This second edition of The Cherry Picker’s Daughter is an exquisite portrait of growing up Aboriginal on the fringes of outback towns in NSW in the mid-twentieth century. Its an important book for school libraries and classrooms, with profound insights into the extraordinary strength, resilience and ingenuity of Aboriginal families to overcome extreme poverty, persecution, racism and cultural genocide.
The strength of family ties in Aboriginal communities is clearly evident when three-month-old Kerry and her brother lost both parents. Her father, Kevin Gilbert––later to become a famous activist and artist––killed their mother and was jailed for many years. Her father’s sister, whom she always called ‘Mummy’, raised Kerry and her brother, along with her own children and others within the extended family. The book is a tribute to this truly remarkable woman, who not only loved them selflessly and worked tirelessly to support them, but also managed to keep them from being taken/‘stolen’ by the ‘Welfare’.
Told in the child’s voice and in the vernacular of her Mob, activist, artist, poet and author, Aunty Kerry, tells her story of love and loss, of dispossession and repeated dislocation growing up in corrugated tin huts, tents and run-down train carriages, of helping her family earn ‘an honest living’ through fruit picking, and the impact of life as an Aboriginal state ward living under the terror of Protection Laws. It is a tribute to the power of family unity to overcome hardship and provide a tower of strength, love and selflessness.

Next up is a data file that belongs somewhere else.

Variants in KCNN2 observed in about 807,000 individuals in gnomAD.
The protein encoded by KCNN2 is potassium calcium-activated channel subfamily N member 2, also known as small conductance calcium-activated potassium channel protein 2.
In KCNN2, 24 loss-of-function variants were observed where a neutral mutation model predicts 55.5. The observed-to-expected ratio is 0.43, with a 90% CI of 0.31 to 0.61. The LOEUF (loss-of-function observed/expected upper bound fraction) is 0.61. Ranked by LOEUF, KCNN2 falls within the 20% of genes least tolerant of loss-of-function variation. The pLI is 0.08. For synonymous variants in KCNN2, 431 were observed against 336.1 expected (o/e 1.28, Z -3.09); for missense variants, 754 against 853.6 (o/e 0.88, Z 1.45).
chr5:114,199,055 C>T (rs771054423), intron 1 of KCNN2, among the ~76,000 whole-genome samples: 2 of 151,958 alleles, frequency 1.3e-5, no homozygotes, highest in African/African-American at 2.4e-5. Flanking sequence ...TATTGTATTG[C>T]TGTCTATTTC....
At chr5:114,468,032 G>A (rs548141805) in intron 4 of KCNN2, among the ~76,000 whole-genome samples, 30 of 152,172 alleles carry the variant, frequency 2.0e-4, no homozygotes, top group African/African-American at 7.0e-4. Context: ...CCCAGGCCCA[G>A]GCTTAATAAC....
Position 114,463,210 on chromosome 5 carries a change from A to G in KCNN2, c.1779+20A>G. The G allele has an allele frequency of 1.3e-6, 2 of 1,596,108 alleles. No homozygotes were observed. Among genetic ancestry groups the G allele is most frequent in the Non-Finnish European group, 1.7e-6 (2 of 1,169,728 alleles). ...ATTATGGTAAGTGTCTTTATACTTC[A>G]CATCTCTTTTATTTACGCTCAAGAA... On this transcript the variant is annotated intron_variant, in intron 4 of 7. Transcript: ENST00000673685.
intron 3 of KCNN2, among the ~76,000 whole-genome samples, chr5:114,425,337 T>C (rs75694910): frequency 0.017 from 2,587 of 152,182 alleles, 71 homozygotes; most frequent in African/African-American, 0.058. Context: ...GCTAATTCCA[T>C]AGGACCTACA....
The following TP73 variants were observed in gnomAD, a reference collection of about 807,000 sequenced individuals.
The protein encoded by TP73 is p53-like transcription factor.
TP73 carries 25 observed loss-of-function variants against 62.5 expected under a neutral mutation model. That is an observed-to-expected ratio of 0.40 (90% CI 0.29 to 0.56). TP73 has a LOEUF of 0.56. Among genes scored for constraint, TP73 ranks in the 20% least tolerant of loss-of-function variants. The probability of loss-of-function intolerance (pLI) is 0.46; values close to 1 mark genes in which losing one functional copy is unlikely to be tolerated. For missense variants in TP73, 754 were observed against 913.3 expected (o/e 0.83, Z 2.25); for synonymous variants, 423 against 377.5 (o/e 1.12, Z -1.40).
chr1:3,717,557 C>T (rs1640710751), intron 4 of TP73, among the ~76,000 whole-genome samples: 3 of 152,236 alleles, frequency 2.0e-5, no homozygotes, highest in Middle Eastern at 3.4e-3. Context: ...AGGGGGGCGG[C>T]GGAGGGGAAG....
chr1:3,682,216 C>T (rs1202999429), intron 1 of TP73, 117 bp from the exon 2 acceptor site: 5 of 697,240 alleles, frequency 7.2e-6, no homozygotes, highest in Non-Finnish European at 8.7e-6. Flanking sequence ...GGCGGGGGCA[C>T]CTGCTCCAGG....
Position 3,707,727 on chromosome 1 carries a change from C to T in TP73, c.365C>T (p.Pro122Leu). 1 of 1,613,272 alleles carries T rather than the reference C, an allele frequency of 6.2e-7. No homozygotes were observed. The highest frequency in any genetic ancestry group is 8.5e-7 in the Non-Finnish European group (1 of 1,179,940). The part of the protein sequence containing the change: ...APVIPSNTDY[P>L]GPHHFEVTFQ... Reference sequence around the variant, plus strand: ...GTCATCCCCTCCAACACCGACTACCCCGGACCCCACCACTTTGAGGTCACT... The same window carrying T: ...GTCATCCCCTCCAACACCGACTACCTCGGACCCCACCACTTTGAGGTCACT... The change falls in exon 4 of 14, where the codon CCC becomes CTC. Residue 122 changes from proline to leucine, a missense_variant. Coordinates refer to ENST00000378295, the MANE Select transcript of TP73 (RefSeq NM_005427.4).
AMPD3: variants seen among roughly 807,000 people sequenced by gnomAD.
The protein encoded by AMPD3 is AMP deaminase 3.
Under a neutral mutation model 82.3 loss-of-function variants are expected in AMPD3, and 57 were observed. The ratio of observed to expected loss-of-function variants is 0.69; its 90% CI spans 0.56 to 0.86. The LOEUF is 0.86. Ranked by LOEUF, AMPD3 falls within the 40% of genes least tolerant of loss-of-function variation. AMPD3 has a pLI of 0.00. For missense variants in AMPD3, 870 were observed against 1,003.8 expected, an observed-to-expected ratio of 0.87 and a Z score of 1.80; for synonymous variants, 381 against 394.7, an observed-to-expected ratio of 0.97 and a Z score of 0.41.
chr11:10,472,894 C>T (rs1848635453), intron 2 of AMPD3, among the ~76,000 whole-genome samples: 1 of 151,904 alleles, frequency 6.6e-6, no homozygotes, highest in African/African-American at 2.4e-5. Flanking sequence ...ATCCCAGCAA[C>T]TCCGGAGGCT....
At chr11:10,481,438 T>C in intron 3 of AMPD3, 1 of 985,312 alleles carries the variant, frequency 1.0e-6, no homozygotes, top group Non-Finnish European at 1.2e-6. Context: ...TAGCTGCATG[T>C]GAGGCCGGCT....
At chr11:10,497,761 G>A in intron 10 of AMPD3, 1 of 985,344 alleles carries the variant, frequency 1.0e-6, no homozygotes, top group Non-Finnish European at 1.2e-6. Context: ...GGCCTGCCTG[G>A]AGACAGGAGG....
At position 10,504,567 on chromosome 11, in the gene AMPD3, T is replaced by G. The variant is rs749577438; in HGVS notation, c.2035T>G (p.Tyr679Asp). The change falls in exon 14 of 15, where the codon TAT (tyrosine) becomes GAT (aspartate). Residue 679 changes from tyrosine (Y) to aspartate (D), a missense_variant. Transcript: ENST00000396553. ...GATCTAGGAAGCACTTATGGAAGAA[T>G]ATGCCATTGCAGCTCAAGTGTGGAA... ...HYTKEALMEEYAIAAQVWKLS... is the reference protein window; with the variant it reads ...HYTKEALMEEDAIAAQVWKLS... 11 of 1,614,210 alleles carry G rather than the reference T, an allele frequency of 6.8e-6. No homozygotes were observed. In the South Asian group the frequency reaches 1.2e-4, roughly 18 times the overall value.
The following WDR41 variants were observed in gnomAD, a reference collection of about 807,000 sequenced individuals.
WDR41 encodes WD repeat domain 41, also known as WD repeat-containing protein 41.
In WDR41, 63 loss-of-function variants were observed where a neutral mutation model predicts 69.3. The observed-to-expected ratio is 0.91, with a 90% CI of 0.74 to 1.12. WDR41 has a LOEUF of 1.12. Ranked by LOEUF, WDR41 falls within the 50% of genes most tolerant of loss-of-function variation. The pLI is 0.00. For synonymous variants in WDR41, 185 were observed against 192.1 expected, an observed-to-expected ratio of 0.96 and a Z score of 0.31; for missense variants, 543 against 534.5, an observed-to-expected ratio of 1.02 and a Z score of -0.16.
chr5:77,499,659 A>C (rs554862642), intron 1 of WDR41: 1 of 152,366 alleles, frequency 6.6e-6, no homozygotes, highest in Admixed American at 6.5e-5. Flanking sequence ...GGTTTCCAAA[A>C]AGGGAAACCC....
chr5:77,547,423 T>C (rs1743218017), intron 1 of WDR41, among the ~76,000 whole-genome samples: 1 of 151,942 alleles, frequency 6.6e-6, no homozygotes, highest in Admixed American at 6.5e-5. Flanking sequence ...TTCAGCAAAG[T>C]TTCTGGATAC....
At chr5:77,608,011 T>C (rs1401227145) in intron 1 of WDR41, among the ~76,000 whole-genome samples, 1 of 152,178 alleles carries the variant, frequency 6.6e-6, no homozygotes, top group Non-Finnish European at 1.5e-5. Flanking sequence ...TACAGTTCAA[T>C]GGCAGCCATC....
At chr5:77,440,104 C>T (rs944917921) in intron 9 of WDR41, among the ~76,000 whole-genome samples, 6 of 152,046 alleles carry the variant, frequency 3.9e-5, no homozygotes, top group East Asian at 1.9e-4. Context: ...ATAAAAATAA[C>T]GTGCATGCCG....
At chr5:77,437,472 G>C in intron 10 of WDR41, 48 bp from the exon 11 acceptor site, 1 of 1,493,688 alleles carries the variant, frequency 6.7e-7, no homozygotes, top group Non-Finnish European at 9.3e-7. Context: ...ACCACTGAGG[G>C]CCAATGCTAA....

• Teacher’s notes available
Praise for The Cherry Picker’s Daughter
A wonderful yarn by an Aboriginal Elder about a bygone way of life.
––Melissa Lukashenko, award-winning Goorie author
Thank you, Kerry, for sharing your story––so much pain and hurt, but such life-affirming strength and love too.
–– Kate Grenville, award-winning author
Kids bounce into this world with such capacity for hope and love and attachment; how painful it was to read the ways this was betrayed by an Australia that I wish had known better. This memoir felt important in my hands, historical, vital––and joyful. It described a childhood I needed to know, and filled me with deepest admiration and respect. I cried many tears for Kerry Reed-Gilbert and was so grateful for her wonderful Mummy.
–– Sophie Laguna, award-winning author
I keep picking up books by Wild Dingo Press. Their motto is “Books that stand their ground”, and based on their output, I can’t argue with that.
My recent rewarding read is: The Cherry Picker’s Daughter by Kerry Reed-Gilbert
This memoir beautifully captures the life of the marginalised and dispossessed, giving a child’s view of an unfair and violent life. Telling of an extended and blended indigenous family caught in poverty, the narrative is full of uncertainty; fear of the ‘Welfare Man’ (who will take you away), fear of being different, fear of the loss of more relatives to early deaths. Balancing this is the pure wonder of life, and the unbounded love of an innocent child for her mob.
If you were touched by “Growing Up Aboriginal in Australia”, you’ll treasure this book … Everyone should read this, and ponder how we unjustly trap people within our judgements. You may cry though…
–– Robert O’Hearn, Booktopia